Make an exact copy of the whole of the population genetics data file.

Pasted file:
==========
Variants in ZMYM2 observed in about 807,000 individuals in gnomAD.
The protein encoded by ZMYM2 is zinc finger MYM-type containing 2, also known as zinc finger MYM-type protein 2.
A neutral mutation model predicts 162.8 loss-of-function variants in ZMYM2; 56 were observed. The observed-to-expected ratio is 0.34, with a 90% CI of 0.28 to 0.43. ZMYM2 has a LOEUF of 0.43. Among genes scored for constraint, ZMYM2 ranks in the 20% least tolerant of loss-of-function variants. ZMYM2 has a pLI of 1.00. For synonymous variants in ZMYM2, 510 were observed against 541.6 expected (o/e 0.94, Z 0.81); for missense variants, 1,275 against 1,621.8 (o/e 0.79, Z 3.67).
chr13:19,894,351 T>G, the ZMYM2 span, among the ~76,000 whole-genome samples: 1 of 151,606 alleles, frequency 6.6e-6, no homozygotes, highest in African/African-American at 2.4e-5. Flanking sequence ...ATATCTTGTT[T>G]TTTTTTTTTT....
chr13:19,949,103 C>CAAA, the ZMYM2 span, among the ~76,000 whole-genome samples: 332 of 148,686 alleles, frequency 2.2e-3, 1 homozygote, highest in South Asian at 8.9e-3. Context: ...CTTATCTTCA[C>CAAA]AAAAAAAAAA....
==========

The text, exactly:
Variants in ZMYM2 observed in about 807,000 individuals in gnomAD.
The protein encoded by ZMYM2 is zinc finger MYM-type containing 2, also known as zinc finger MYM-type protein 2.
A neutral mutation model predicts 162.8 loss-of-function variants in ZMYM2; 56 were observed. The observed-to-expected ratio is 0.34, with a 90% CI of 0.28 to 0.43. ZMYM2 has a LOEUF of 0.43. Among genes scored for constraint, ZMYM2 ranks in the 20% least tolerant of loss-of-function variants. ZMYM2 has a pLI of 1.00. For synonymous variants in ZMYM2, 510 were observed against 541.6 expected (o/e 0.94, Z 0.81); for missense variants, 1,275 against 1,621.8 (o/e 0.79, Z 3.67).
chr13:19,894,351 T>G, the ZMYM2 span, among the ~76,000 whole-genome samples: 1 of 151,606 alleles, frequency 6.6e-6, no homozygotes, highest in African/African-American at 2.4e-5. Flanking sequence ...ATATCTTGTT[T>G]TTTTTTTTTT....
chr13:19,949,103 C>CAAA, the ZMYM2 span, among the ~76,000 whole-genome samples: 332 of 148,686 alleles, frequency 2.2e-3, 1 homozygote, highest in South Asian at 8.9e-3. Context: ...CTTATCTTCA[C>CAAA]AAAAAAAAAA....